North Korean crypto hackers siphoned off nearly $400 million in crypto through cyber attacks in 2021 according to new data from Chainalysis.
The type of crypto stolen has also seen a sea change according to the Jan. 13 report from the blockchain analytics firm. In 2017, BTC accounted for nearly all the crypto stolen by the DPRK, but it now accounts for just one fifth:
“In 2021, only 20% of the stolen funds were Bitcoin, whereas 22% were either ERC-20 tokens or altcoins. And for the first time ever, Ether accounted for a majority of the funds stolen at 58%.”
The report stated that attacks in 2021 from North Korea (DPRK) primarily targeted “investment firms and centralized exchanges, and made use of phishing lures, code exploits, malware, and advanced social engineering” to maliciously acquire the funds.
Stolen cryptocurrency is believed to be used by the DPRK to evade economic sanctions and to help fund nuclear weapons and ballistic missile programs, according to a UN Security Council report.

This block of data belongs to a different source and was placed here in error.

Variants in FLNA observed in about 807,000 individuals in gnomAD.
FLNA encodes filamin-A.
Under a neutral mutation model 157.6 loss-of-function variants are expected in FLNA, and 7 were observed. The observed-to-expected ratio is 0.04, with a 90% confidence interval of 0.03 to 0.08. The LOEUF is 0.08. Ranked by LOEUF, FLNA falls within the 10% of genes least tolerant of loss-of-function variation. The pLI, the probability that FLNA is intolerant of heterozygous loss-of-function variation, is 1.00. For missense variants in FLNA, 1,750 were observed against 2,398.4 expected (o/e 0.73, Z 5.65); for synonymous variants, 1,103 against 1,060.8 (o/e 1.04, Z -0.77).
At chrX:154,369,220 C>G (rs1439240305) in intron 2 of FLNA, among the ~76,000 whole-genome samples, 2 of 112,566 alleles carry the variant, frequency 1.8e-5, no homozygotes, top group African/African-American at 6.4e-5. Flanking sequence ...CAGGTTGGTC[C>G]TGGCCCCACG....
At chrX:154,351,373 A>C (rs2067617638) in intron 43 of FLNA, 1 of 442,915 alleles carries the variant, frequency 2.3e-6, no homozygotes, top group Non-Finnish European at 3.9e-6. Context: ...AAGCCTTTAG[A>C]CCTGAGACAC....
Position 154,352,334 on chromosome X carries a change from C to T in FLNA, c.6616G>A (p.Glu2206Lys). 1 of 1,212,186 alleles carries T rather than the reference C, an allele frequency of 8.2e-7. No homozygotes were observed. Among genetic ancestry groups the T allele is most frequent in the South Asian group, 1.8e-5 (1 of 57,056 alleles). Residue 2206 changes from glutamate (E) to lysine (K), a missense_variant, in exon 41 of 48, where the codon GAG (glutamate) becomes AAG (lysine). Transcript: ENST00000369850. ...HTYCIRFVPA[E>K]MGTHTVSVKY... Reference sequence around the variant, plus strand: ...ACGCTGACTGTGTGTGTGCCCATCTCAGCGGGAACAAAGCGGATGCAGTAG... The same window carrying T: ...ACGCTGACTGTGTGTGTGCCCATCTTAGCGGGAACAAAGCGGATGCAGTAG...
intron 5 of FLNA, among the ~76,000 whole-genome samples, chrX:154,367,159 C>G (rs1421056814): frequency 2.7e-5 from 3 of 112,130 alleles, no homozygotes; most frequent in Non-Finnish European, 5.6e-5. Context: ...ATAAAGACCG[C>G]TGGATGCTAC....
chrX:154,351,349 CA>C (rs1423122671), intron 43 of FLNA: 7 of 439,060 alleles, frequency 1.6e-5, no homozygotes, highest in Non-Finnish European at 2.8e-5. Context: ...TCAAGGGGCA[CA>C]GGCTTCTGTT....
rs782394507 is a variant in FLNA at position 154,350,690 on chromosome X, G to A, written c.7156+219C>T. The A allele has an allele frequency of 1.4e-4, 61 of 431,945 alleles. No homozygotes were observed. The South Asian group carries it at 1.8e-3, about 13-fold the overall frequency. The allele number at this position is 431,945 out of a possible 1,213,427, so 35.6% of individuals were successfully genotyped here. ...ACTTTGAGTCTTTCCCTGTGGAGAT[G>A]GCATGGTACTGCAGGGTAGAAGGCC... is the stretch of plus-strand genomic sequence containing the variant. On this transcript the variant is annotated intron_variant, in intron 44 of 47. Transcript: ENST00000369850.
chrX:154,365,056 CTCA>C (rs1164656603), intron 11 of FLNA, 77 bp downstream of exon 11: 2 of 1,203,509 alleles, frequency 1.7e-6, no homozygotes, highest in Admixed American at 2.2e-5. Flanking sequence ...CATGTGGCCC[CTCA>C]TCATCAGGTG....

The threat that the DPRK presents to global crypto platforms has become ever-present. Chainalysis now refers to hackers from the Hermit Kingdom, such as Lazarus Group, as advanced persistent threats (APT). These threats have been on the increase over the past three years, following the all-time high of over $500 million in crypto stolen in 2018.
Chainalysis reported that the funds were meticulously laundered. Methods range from chain hopping, the ‘Peel Chain’ method, and more recently the hackers have employed a complicated system of coin swaps and mixing.
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Mixers were used on over 65% of the funds stolen in 2021, which is a 3-fold increase since 2019. A mixer is a software-based privacy system that allows users to hide the source and destination of the coins they send. Decentralized exchanges (DEX) are increasingly preferred by hackers since they are permissionless and have ample liquidity for coins to be swapped at the user’s will.
Chainalysis used the Aug. 19, 2021 hack at Liquid.com in which $91 million in crypto was stolen as an example of the typical way in which DPRK hackers launder funds. They first swapped ERC-20 coins for Ether (ETH) at decentralized exchanges. Then the ETH was sent to a mixer and swapped for Bitcoin (BTC), which was also mixed. Finally, BTC was sent from the mixer to centralized Asian exchanges as a likely fiat off-ramp.
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